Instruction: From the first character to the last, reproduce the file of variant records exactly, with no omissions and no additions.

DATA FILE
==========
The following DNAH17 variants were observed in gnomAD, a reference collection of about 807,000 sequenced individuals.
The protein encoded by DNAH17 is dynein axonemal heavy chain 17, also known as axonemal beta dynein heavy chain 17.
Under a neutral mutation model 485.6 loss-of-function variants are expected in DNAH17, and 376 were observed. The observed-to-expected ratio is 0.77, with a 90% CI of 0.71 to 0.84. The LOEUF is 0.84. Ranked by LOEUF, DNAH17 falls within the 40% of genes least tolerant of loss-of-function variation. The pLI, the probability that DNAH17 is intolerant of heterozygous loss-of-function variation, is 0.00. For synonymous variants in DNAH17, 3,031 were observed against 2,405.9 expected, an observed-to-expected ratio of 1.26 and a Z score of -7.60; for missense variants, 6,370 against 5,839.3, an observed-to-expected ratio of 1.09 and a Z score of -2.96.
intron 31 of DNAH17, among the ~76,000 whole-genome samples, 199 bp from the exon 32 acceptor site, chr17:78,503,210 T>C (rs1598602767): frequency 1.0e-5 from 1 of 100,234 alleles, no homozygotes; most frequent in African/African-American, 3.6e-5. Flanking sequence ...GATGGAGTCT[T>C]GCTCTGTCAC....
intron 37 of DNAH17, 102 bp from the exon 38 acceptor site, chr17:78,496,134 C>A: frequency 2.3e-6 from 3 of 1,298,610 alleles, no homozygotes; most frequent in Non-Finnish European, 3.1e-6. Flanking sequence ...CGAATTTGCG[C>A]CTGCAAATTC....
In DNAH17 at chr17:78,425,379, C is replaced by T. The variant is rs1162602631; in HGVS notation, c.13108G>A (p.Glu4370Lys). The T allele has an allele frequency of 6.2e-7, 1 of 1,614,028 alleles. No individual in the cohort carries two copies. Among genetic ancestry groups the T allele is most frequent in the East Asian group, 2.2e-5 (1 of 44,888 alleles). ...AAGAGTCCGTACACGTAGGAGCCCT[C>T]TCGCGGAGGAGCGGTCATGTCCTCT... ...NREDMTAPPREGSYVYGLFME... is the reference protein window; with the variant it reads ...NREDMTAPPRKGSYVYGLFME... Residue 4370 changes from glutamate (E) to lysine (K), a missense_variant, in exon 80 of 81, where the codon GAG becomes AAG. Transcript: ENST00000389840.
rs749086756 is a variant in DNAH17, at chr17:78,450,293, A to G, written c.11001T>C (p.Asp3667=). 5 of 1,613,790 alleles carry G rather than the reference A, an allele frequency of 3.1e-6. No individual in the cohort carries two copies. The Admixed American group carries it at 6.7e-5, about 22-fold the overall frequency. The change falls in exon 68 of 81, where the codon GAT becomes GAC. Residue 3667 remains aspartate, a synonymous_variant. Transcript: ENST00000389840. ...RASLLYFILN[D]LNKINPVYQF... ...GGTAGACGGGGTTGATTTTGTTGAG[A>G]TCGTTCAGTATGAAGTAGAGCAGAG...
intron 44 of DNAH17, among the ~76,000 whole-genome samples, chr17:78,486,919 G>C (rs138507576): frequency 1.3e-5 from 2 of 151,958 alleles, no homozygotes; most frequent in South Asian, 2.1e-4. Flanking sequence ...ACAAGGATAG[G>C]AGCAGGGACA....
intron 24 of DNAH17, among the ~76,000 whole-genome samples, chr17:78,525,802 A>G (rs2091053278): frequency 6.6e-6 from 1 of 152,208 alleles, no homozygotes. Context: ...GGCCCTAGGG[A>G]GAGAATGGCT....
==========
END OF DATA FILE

The following DNAH17 variants were observed in gnomAD, a reference collection of about 807,000 sequenced individuals.
The protein encoded by DNAH17 is dynein axonemal heavy chain 17, also known as axonemal beta dynein heavy chain 17.
Under a neutral mutation model 485.6 loss-of-function variants are expected in DNAH17, and 376 were observed. The observed-to-expected ratio is 0.77, with a 90% CI of 0.71 to 0.84. The LOEUF is 0.84. Ranked by LOEUF, DNAH17 falls within the 40% of genes least tolerant of loss-of-function variation. The pLI, the probability that DNAH17 is intolerant of heterozygous loss-of-function variation, is 0.00. For synonymous variants in DNAH17, 3,031 were observed against 2,405.9 expected, an observed-to-expected ratio of 1.26 and a Z score of -7.60; for missense variants, 6,370 against 5,839.3, an observed-to-expected ratio of 1.09 and a Z score of -2.96.
intron 31 of DNAH17, among the ~76,000 whole-genome samples, 199 bp from the exon 32 acceptor site, chr17:78,503,210 T>C (rs1598602767): frequency 1.0e-5 from 1 of 100,234 alleles, no homozygotes; most frequent in African/African-American, 3.6e-5. Flanking sequence ...GATGGAGTCT[T>C]GCTCTGTCAC....
intron 37 of DNAH17, 102 bp from the exon 38 acceptor site, chr17:78,496,134 C>A: frequency 2.3e-6 from 3 of 1,298,610 alleles, no homozygotes; most frequent in Non-Finnish European, 3.1e-6. Flanking sequence ...CGAATTTGCG[C>A]CTGCAAATTC....
In DNAH17 at chr17:78,425,379, C is replaced by T. The variant is rs1162602631; in HGVS notation, c.13108G>A (p.Glu4370Lys). The T allele has an allele frequency of 6.2e-7, 1 of 1,614,028 alleles. No individual in the cohort carries two copies. Among genetic ancestry groups the T allele is most frequent in the East Asian group, 2.2e-5 (1 of 44,888 alleles). ...AAGAGTCCGTACACGTAGGAGCCCT[C>T]TCGCGGAGGAGCGGTCATGTCCTCT... ...NREDMTAPPREGSYVYGLFME... is the reference protein window; with the variant it reads ...NREDMTAPPRKGSYVYGLFME... Residue 4370 changes from glutamate (E) to lysine (K), a missense_variant, in exon 80 of 81, where the codon GAG becomes AAG. Transcript: ENST00000389840.
rs749086756 is a variant in DNAH17, at chr17:78,450,293, A to G, written c.11001T>C (p.Asp3667=). 5 of 1,613,790 alleles carry G rather than the reference A, an allele frequency of 3.1e-6. No individual in the cohort carries two copies. The Admixed American group carries it at 6.7e-5, about 22-fold the overall frequency. The change falls in exon 68 of 81, where the codon GAT becomes GAC. Residue 3667 remains aspartate, a synonymous_variant. Transcript: ENST00000389840. ...RASLLYFILN[D]LNKINPVYQF... ...GGTAGACGGGGTTGATTTTGTTGAG[A>G]TCGTTCAGTATGAAGTAGAGCAGAG...
intron 44 of DNAH17, among the ~76,000 whole-genome samples, chr17:78,486,919 G>C (rs138507576): frequency 1.3e-5 from 2 of 151,958 alleles, no homozygotes; most frequent in South Asian, 2.1e-4. Flanking sequence ...ACAAGGATAG[G>C]AGCAGGGACA....
intron 24 of DNAH17, among the ~76,000 whole-genome samples, chr17:78,525,802 A>G (rs2091053278): frequency 6.6e-6 from 1 of 152,208 alleles, no homozygotes. Context: ...GGCCCTAGGG[A>G]GAGAATGGCT....